A spokesman for the ruling National League for Democracy (NLD) has thrown cold water on prospects for promptly holding make-up elections in Arakan State constituencies where voting was cancelled in last month’s general election, when a majority of the state was disenfranchised.
The NLD wanted the election to be held in the passed over constituencies as soon as possible, but it should be held in accordance with existing laws and regulations, said Dr. Myo Nyunt, the NLD spokesman.
“Freedom and fairness are the lifeblood of elections. The election must be guaranteed to be free and fair. Free and fair elections cannot be achieved simply by stopping the fighting,” he said, referring to the conflict between the military and the Arakan Army, which was cited as the reason elections were not held last month.
In much of Arakan State’s northern half, fighting between the Tatmadaw and the Arakan Army (AA) had been sustained and was often intensifying for nearly two years, since about December 2018. But a détente appears to have been reached in recent weeks.
On November 12, four days after the 2020 general election, the Arakan Army called for make-up elections in the Arakan State townships where voting was not held on Election Day. The Tatmadaw quickly welcomed the AA’s request and there has been no fighting between the military and the ethnic armed group in Arakan State for more than a month. Top leaders from both sides have been in talks to strengthen the tentative ceasefire, including prospects for make-up elections in cancelled constituencies.
“The elections can be held only if there is no fighting,” said U Khaing Kaung San, director of the Arakan State Election Monitoring Group. “The Tatmadaw and the AA also support the call for elections. If the election was not held [on November 8] for security reasons, it can be said that security conditions in Arakan State are good for the time being. The election can be held in Arakan State only if the UEC is desirous of holding the voting.”
The Union Election Commission (UEC) has said that its decision to designate townships where elections could not be held last month was informed by the views of the Union government, the Ministry of Defence, the Ministry of Home Affairs and the relevant election subcommissions. While it has faced accusations of bias, the UEC maintains that it is an independent body and fair elections arbiter.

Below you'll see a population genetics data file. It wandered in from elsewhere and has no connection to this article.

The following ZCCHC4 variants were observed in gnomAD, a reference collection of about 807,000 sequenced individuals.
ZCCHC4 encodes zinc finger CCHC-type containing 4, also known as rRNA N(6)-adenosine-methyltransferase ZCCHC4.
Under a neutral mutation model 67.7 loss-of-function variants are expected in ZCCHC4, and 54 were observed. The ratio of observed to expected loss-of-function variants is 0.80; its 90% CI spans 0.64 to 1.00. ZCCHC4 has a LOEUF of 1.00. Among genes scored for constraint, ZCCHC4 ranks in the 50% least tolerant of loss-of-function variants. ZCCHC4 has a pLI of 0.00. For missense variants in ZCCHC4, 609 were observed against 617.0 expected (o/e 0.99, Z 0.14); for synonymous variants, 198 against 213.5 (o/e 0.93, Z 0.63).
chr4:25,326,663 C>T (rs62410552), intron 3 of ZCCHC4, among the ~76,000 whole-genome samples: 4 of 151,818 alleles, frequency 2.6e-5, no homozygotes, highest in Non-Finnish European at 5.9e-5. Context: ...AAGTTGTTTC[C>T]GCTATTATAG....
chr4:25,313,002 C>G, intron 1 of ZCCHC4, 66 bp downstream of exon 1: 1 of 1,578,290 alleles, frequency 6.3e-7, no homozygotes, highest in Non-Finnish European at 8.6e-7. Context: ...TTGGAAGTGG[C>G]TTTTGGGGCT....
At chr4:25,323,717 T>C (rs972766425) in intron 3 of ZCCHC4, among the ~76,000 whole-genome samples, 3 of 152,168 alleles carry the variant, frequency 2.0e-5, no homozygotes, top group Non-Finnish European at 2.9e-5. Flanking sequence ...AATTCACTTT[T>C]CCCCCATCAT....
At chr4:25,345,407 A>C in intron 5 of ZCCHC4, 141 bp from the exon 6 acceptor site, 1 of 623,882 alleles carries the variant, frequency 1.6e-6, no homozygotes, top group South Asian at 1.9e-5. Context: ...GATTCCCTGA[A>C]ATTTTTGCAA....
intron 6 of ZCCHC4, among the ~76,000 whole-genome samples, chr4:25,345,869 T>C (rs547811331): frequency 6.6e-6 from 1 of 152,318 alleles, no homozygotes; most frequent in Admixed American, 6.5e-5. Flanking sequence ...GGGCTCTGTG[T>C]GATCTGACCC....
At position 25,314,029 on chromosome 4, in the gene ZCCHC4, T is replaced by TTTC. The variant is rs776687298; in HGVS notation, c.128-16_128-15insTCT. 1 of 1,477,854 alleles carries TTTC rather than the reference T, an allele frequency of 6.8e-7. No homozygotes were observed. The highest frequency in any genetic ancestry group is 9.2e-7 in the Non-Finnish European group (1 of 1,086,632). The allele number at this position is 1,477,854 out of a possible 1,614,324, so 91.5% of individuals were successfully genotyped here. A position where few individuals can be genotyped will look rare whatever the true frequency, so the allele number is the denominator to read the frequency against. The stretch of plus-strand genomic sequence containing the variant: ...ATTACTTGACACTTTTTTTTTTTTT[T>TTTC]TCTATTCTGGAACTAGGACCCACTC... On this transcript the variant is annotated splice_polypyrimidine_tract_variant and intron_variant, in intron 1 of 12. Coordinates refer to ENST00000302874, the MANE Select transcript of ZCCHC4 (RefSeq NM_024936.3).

Political commentators in Arakan State and beyond have noted that most of the constituencies skipped over on November 8 were unfavourable electoral terrain for the ruling NLD.
The government’s “attitude” is a major factor in make-up elections’ prospects, according to U Pe Than, a member of the Arakan National Party’s policy steering committee.
“Now, the government’s attitude is important. President U Win Myint called for holding elections in Arakan State. The UEC will hold the election if the government gives the green light,” the Myebon Township lawmaker said.
In his message marking the 46th anniversary of Arakan State Day on December 15, President U Win Myint expressed regret for the Arakan townships that had yet to hold elections, and he urged individuals and organisations to work together to make make-up elections in those constituencies happen. On the same day, the commander-in-chief of the Defence Services, Senior-General Min Aung Hlaing, offered support for make-up elections before December 31 in at least some of the areas in Arakan State where the general election was cancelled.
“This cannot be done by the government or the Union Election Commission alone. This is possible only with the participation of all relevant departments and the people, as well as the relevant armed groups, in accordance with the relevant laws and regulations. That is why the president called for everyone to join their efforts in his message,” Dr. Myo Nyunt said.
If the UEC decides to hold follow-up elections in Arakan State, the state election subcommission is ready to implement the directive, officials from the subcommission have told DMG.
With security concerns cited, elections were not held last month in the entireties of nine Arakan State townships, as well as parts of four other townships in the state.
The article Myanmar: Ceasefire Doesn’t Guarantee Free And Fair Elections In Arakan appeared first on Eurasia Review.
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